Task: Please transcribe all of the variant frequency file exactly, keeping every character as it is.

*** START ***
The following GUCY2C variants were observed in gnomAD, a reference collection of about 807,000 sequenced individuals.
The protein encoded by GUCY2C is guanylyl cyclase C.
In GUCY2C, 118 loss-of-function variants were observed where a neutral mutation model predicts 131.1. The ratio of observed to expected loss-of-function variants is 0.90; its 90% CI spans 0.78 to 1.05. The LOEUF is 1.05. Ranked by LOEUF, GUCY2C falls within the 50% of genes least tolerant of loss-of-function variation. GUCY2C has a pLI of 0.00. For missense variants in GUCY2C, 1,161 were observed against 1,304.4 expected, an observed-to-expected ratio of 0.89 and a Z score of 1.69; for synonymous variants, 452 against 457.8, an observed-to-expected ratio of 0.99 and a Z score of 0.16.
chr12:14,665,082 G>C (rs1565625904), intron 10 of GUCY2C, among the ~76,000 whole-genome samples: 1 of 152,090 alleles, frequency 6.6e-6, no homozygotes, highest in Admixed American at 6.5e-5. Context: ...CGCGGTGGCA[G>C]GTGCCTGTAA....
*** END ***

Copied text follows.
The following GUCY2C variants were observed in gnomAD, a reference collection of about 807,000 sequenced individuals.
The protein encoded by GUCY2C is guanylyl cyclase C.
In GUCY2C, 118 loss-of-function variants were observed where a neutral mutation model predicts 131.1. The ratio of observed to expected loss-of-function variants is 0.90; its 90% CI spans 0.78 to 1.05. The LOEUF is 1.05. Ranked by LOEUF, GUCY2C falls within the 50% of genes least tolerant of loss-of-function variation. GUCY2C has a pLI of 0.00. For missense variants in GUCY2C, 1,161 were observed against 1,304.4 expected, an observed-to-expected ratio of 0.89 and a Z score of 1.69; for synonymous variants, 452 against 457.8, an observed-to-expected ratio of 0.99 and a Z score of 0.16.
chr12:14,665,082 G>C (rs1565625904), intron 10 of GUCY2C, among the ~76,000 whole-genome samples: 1 of 152,090 alleles, frequency 6.6e-6, no homozygotes, highest in Admixed American at 6.5e-5. Context: ...CGCGGTGGCA[G>C]GTGCCTGTAA....